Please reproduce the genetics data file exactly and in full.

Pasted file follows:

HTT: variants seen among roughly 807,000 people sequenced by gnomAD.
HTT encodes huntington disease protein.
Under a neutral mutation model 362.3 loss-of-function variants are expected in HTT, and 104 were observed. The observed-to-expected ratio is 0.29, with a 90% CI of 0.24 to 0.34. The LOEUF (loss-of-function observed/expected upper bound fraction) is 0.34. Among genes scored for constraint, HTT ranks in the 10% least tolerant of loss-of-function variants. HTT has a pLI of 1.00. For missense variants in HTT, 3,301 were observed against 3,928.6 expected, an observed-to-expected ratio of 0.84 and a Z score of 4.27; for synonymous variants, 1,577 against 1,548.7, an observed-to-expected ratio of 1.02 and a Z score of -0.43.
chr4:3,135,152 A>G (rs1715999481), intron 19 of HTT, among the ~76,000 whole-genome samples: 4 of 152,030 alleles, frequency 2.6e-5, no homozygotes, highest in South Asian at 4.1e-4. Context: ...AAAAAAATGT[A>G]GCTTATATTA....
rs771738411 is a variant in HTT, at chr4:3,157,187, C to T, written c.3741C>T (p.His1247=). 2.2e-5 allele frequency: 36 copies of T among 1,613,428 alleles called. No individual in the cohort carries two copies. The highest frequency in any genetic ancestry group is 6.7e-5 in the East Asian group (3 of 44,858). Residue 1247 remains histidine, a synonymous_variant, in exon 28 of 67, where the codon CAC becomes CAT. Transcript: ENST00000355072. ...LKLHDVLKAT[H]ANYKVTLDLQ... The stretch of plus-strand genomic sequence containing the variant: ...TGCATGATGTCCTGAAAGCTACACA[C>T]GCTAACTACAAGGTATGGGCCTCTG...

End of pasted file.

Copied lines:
HTT: variants seen among roughly 807,000 people sequenced by gnomAD.
HTT encodes huntington disease protein.
Under a neutral mutation model 362.3 loss-of-function variants are expected in HTT, and 104 were observed. The observed-to-expected ratio is 0.29, with a 90% CI of 0.24 to 0.34. The LOEUF (loss-of-function observed/expected upper bound fraction) is 0.34. Among genes scored for constraint, HTT ranks in the 10% least tolerant of loss-of-function variants. HTT has a pLI of 1.00. For missense variants in HTT, 3,301 were observed against 3,928.6 expected, an observed-to-expected ratio of 0.84 and a Z score of 4.27; for synonymous variants, 1,577 against 1,548.7, an observed-to-expected ratio of 1.02 and a Z score of -0.43.
chr4:3,135,152 A>G (rs1715999481), intron 19 of HTT, among the ~76,000 whole-genome samples: 4 of 152,030 alleles, frequency 2.6e-5, no homozygotes, highest in South Asian at 4.1e-4. Context: ...AAAAAAATGT[A>G]GCTTATATTA....
rs771738411 is a variant in HTT, at chr4:3,157,187, C to T, written c.3741C>T (p.His1247=). 2.2e-5 allele frequency: 36 copies of T among 1,613,428 alleles called. No individual in the cohort carries two copies. The highest frequency in any genetic ancestry group is 6.7e-5 in the East Asian group (3 of 44,858). Residue 1247 remains histidine, a synonymous_variant, in exon 28 of 67, where the codon CAC becomes CAT. Transcript: ENST00000355072. ...LKLHDVLKAT[H]ANYKVTLDLQ... The stretch of plus-strand genomic sequence containing the variant: ...TGCATGATGTCCTGAAAGCTACACA[C>T]GCTAACTACAAGGTATGGGCCTCTG...